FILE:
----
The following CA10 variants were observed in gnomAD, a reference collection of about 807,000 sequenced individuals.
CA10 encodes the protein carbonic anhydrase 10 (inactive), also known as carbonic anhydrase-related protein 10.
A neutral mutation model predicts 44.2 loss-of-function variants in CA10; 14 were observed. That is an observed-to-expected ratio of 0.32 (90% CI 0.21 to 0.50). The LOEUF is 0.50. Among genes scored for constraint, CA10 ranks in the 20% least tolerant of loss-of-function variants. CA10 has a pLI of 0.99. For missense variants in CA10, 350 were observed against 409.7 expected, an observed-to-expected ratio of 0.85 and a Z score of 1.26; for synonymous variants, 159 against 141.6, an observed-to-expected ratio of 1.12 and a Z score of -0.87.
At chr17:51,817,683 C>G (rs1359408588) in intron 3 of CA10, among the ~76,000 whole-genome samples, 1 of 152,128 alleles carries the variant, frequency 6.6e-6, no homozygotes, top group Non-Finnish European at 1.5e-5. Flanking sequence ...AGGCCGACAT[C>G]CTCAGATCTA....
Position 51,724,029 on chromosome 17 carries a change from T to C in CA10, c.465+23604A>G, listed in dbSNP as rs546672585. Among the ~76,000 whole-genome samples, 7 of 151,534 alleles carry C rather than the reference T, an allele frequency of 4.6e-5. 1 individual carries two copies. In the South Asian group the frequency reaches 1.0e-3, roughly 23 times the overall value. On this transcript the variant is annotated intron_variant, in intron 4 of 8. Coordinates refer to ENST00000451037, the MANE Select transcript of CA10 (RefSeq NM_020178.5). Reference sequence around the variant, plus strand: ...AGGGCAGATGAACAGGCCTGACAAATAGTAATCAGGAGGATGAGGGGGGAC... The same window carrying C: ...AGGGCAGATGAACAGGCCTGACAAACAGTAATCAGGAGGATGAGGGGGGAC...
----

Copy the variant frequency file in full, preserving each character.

The following CA10 variants were observed in gnomAD, a reference collection of about 807,000 sequenced individuals.
CA10 encodes the protein carbonic anhydrase 10 (inactive), also known as carbonic anhydrase-related protein 10.
A neutral mutation model predicts 44.2 loss-of-function variants in CA10; 14 were observed. That is an observed-to-expected ratio of 0.32 (90% CI 0.21 to 0.50). The LOEUF is 0.50. Among genes scored for constraint, CA10 ranks in the 20% least tolerant of loss-of-function variants. CA10 has a pLI of 0.99. For missense variants in CA10, 350 were observed against 409.7 expected, an observed-to-expected ratio of 0.85 and a Z score of 1.26; for synonymous variants, 159 against 141.6, an observed-to-expected ratio of 1.12 and a Z score of -0.87.
At chr17:51,817,683 C>G (rs1359408588) in intron 3 of CA10, among the ~76,000 whole-genome samples, 1 of 152,128 alleles carries the variant, frequency 6.6e-6, no homozygotes, top group Non-Finnish European at 1.5e-5. Flanking sequence ...AGGCCGACAT[C>G]CTCAGATCTA....
Position 51,724,029 on chromosome 17 carries a change from T to C in CA10, c.465+23604A>G, listed in dbSNP as rs546672585. Among the ~76,000 whole-genome samples, 7 of 151,534 alleles carry C rather than the reference T, an allele frequency of 4.6e-5. 1 individual carries two copies. In the South Asian group the frequency reaches 1.0e-3, roughly 23 times the overall value. On this transcript the variant is annotated intron_variant, in intron 4 of 8. Coordinates refer to ENST00000451037, the MANE Select transcript of CA10 (RefSeq NM_020178.5). Reference sequence around the variant, plus strand: ...AGGGCAGATGAACAGGCCTGACAAATAGTAATCAGGAGGATGAGGGGGGAC... The same window carrying C: ...AGGGCAGATGAACAGGCCTGACAAACAGTAATCAGGAGGATGAGGGGGGAC...